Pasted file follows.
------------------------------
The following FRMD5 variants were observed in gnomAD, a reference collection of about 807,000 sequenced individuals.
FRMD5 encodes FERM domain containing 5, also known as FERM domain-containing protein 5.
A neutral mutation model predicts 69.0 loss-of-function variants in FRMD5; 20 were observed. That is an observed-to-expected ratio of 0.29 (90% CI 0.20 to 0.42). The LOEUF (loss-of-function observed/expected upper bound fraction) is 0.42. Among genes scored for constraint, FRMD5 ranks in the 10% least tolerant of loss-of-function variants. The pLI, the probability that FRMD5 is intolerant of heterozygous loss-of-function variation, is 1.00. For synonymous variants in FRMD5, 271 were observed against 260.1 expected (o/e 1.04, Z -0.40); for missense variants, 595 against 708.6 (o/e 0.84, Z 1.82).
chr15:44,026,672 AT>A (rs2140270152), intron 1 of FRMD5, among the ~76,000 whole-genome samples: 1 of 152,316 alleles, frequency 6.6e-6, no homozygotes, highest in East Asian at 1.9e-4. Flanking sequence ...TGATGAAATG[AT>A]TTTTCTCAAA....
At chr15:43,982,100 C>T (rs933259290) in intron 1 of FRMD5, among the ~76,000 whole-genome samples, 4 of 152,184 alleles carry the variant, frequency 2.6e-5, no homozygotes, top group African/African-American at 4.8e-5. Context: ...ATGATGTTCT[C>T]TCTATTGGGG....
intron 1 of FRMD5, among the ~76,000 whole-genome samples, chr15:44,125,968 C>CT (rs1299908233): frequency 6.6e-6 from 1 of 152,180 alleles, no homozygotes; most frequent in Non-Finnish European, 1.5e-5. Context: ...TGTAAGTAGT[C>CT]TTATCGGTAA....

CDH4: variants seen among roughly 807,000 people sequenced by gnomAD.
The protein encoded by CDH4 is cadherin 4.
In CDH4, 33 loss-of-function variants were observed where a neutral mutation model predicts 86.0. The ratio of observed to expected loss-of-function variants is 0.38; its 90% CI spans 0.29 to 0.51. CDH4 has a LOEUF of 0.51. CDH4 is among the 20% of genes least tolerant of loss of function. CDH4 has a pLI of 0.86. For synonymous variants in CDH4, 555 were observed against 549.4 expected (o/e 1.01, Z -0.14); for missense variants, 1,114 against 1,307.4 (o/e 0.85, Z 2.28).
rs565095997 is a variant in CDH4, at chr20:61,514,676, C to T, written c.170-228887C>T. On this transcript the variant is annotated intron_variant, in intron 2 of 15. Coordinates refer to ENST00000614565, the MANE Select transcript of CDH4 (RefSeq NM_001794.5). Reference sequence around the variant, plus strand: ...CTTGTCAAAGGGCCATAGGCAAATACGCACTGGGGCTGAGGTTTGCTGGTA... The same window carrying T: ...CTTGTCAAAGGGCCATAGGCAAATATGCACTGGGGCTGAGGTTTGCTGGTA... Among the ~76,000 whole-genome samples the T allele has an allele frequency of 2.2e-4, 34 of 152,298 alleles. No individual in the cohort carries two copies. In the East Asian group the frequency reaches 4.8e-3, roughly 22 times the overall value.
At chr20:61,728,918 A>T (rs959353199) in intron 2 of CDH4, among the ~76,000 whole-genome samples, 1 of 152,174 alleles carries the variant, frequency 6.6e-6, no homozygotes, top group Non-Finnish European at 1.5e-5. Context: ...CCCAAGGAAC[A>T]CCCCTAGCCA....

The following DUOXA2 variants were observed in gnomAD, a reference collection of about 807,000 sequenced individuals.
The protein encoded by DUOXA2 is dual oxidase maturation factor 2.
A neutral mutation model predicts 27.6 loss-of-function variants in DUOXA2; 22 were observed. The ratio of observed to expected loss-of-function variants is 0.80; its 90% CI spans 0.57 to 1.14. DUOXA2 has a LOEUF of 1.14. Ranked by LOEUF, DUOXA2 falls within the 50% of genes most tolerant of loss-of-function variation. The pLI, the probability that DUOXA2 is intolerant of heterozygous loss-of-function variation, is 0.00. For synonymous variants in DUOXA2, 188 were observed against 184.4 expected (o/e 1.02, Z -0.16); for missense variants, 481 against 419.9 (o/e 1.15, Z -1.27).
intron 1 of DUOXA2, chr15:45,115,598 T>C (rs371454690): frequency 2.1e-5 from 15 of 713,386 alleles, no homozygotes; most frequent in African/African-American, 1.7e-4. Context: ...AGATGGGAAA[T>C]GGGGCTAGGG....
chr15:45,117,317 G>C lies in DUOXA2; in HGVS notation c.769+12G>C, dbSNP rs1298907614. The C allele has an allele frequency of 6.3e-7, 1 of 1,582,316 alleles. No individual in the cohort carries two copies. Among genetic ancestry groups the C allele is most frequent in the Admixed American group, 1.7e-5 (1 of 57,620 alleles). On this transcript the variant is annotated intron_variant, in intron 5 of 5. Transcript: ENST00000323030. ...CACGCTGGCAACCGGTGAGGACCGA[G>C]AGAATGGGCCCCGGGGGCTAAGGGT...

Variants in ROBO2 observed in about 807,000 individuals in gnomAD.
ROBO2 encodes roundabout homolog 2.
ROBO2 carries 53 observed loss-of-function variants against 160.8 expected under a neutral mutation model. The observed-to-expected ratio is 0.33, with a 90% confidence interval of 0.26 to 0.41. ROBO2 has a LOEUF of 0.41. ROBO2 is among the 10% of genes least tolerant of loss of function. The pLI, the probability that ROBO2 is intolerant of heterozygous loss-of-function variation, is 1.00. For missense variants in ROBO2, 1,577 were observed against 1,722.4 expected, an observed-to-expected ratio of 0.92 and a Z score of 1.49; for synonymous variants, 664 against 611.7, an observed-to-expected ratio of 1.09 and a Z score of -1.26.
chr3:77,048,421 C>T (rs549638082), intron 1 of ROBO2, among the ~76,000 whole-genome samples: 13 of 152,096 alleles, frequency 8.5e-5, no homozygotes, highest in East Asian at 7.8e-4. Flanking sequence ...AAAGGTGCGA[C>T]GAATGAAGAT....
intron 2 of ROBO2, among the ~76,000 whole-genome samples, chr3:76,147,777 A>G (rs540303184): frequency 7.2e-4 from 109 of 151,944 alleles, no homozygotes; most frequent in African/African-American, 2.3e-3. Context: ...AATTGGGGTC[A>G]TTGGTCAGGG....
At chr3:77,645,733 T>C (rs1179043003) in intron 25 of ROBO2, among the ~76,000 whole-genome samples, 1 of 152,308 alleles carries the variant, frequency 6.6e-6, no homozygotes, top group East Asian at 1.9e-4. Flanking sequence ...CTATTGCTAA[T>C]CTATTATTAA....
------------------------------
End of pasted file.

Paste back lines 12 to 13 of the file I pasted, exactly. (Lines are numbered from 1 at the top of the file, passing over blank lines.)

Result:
The following DUOXA2 variants were observed in gnomAD, a reference collection of about 807,000 sequenced individuals.
The protein encoded by DUOXA2 is dual oxidase maturation factor 2.